Friday, 30 October 2015

Incorporation of a Company – Advantages & Disadvantages

A company, in simple terms, means a group of persons associated together for the attainment of a
common end, social or economic. It has no strict, technical or legal meaning.
     According to section 3 (1) (ii) of the Companies Act, 1956 a company means a company formed and registered under the Companies Act, 1956 or any of the preceding Acts. A Company comes into existence only by registration under the Act, which can be termed as incorporation. Thus, Incorporation is the forming of a new corporation (a corporation being a legal entity that is effectively recognized as a person under the law)

Advantages of Incorporation

1. Independent corporate existence - The outstanding feature of a company is its independent corporate existence. By registration under the Companies Act, a company becomes vested with corporate personality, which is independent of, and distinct from its members. A company is a legal person. The decision of the House of Lords in Salomon v. Salomon & Co. Ltd. (1897) is an authority on this principle.

2. Limited liability- limitation of liability is another major advantage of incorporation. The company, being a separate entity, leading its own business life, the members are not liable for its debts. The liability of members is limited by shares; each member is bound to pay the nominal value of shares held by them and his liability ends there.

3. Perpetual succession- An incorporated company never dies. Members may come and go, but the company will go on forever.

4. Common seal- Since a company has no physical existence, it must act through its agents and all such contracts entered into by such agents must be under the seal of the company. The common seal acts as the official seal of the company.

5. Transferable shares- when joint stock companies were established the great object was that the shares should be capable of being easily transferred. Sec 82 gives expression to this principle by providing that “the shares or other interest of any member shall be movable property, transferable in the manner provided by the articles of the company.”

6. Separate property- The property of an incorporated company is vested in the corporate body. The company is capable of holding and enjoying property in its own name. No members, not even all the members, can claim ownership of any asset of company’s assets.

7. Capacity to sue - Company can sue and be sued in its own name. The names of managerial members need not be impleaded.

8. Professional management- A company is capable of attracting professional managers. It is due to the fact that being attached to the management of the company gives them the status of business or executive class.

9. Raising Money from Public - Public Limited Companies can raise large amount of capital from the general public by issue of shares and public deposits. Private Limited Companies can raise capital only by private placement of shares and deposits.

Disadvantages of Incorporation

1. Lifting of corporate veil- though for all purposes of law a company is regarded as a separate entity it is sometimes necessary to look at the persons behind the corporate veil.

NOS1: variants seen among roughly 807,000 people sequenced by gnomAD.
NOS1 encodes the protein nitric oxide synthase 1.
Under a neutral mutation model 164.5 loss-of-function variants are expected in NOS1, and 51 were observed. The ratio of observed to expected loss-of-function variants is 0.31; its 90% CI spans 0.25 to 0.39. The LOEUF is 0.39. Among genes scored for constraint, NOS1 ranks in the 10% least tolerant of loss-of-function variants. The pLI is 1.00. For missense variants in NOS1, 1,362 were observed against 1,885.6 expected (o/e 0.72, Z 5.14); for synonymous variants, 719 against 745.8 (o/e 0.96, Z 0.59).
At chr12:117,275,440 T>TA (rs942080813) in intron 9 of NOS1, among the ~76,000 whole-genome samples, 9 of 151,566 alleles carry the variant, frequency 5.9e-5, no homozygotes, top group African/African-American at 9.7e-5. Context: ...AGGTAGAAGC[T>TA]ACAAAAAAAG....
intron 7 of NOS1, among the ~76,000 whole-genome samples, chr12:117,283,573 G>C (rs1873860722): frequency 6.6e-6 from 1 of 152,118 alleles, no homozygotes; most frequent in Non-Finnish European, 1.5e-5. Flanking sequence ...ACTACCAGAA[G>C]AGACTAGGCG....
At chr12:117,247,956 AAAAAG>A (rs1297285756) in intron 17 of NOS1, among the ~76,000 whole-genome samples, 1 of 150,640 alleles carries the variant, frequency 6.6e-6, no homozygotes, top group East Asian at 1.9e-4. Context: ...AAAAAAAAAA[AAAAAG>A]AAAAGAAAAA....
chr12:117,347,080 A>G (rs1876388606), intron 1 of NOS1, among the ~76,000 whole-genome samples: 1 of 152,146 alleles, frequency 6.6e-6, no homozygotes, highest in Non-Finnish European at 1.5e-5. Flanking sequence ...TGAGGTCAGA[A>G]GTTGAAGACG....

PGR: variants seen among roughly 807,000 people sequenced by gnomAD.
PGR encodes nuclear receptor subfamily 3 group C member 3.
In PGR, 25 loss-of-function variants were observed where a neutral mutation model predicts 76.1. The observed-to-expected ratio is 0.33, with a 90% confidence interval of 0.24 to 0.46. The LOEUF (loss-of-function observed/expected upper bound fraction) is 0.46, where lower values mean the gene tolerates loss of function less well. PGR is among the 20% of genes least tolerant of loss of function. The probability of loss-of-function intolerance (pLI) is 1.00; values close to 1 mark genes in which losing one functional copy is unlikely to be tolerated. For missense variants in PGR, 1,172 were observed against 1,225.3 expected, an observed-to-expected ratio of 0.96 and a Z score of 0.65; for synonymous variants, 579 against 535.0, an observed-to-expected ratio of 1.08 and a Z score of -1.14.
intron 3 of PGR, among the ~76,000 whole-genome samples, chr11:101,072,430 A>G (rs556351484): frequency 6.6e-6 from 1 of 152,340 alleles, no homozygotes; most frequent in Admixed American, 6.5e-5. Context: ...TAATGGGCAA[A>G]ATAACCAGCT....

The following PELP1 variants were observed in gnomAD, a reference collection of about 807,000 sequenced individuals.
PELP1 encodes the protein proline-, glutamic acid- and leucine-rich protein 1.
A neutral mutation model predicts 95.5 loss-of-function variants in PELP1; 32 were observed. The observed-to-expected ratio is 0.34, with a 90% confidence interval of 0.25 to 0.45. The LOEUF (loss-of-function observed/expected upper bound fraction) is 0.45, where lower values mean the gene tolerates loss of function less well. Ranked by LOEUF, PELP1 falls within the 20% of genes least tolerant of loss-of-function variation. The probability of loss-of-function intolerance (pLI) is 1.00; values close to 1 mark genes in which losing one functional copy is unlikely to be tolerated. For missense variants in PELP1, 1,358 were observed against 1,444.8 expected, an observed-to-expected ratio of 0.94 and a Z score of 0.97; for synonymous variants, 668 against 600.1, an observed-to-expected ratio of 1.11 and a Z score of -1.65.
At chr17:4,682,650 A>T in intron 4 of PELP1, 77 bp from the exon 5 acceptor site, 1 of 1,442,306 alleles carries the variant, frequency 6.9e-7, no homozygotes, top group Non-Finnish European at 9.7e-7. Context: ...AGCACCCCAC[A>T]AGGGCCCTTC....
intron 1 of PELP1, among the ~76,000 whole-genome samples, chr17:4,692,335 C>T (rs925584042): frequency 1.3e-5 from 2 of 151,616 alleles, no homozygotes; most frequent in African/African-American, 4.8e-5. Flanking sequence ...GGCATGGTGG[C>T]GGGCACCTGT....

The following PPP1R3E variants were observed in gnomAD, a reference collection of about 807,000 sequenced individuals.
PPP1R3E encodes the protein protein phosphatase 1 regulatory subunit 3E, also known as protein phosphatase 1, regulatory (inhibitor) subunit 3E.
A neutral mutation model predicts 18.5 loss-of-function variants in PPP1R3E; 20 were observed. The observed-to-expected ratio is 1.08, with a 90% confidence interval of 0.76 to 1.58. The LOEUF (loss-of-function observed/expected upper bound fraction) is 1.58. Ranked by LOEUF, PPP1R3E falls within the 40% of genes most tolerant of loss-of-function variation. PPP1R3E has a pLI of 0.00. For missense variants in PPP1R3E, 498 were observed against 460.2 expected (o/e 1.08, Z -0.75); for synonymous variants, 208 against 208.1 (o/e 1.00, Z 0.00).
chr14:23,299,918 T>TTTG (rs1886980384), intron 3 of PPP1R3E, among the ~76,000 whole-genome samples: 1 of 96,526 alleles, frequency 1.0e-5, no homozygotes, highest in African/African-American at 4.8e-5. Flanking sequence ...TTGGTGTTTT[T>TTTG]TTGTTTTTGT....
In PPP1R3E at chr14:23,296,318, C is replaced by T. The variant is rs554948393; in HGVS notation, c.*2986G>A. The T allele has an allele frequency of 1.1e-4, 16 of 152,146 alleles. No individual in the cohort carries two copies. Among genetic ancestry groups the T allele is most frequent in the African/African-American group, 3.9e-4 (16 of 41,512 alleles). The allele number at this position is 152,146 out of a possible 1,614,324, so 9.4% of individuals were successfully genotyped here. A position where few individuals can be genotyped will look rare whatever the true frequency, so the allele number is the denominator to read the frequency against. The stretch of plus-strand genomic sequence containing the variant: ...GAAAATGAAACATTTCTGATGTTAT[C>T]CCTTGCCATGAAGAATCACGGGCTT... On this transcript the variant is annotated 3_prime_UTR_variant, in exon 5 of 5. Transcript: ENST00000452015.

a) Determination of character- The House of Lords in Daimler Co Ltd. v. Continental Tyre and Rubber Co., held that a company though registered in England would assume an enemy character if the persons in de facto control of the company are residents of an enemy country.

b) For benefit of revenue- The separate existence of a company may be disregarded when the only purpose for which it appears to have been formed is the evasion of taxes.

c) Fraud or improper conduct- In Gilford Motor Co v. Horne, a company was restrained from acting when its principal shareholder was bound by a restraint covenant and had incorporated a company only to escape the restraint.

d) Agency or Trust or Government company- The separate existence of a company may be ignored when it is being used as an agent or trustee. In State of UP v. Renusagar Power Co, it was held that a power generating unit created by a company for its exclusive supply was not regarded as a separate entity for the purpose of excise.

e) Under statutory provisions- The Act sometimes imposes personal liability on persons behind the veil in some instances like, where business is carried on beyond six months after the knowledge that the membership of company has gone below statutory minimum (sec 45), when contract is made by mis-describing the name of the company (sec 147), when business is carried on only to defraud creditors(sec 542).

2. Formality and expense - Incorporation is a very expensive affair. It requires a number of formalities to be complied with both as to the formation and administration of affairs.

3. Company not a citizen - In State Trading Corporation of India v. CTO, the Supreme Court held
that a company though a legal person is not a citizen neither under the provisions of the Constitution nor under the Citizenship Act.

4. Regulatory and Record keeping Requirements - Corporate operations are governed by local, state, and federal regulations to a greater degree than are other businesses.


5. Separation of Finances - While incorporation provides significant protection of owners' personal assets from repercussions of business downturns, it also means that a business owner is not allowed to tap into the corporation's account for assistance in meeting personal debts.

1 comment:

  1. All these advantages and disadvantages related to company incorporation mentioned by you are nicely explained. My search for finding authentic information is over now. Thanks and great job!!

    ReplyDelete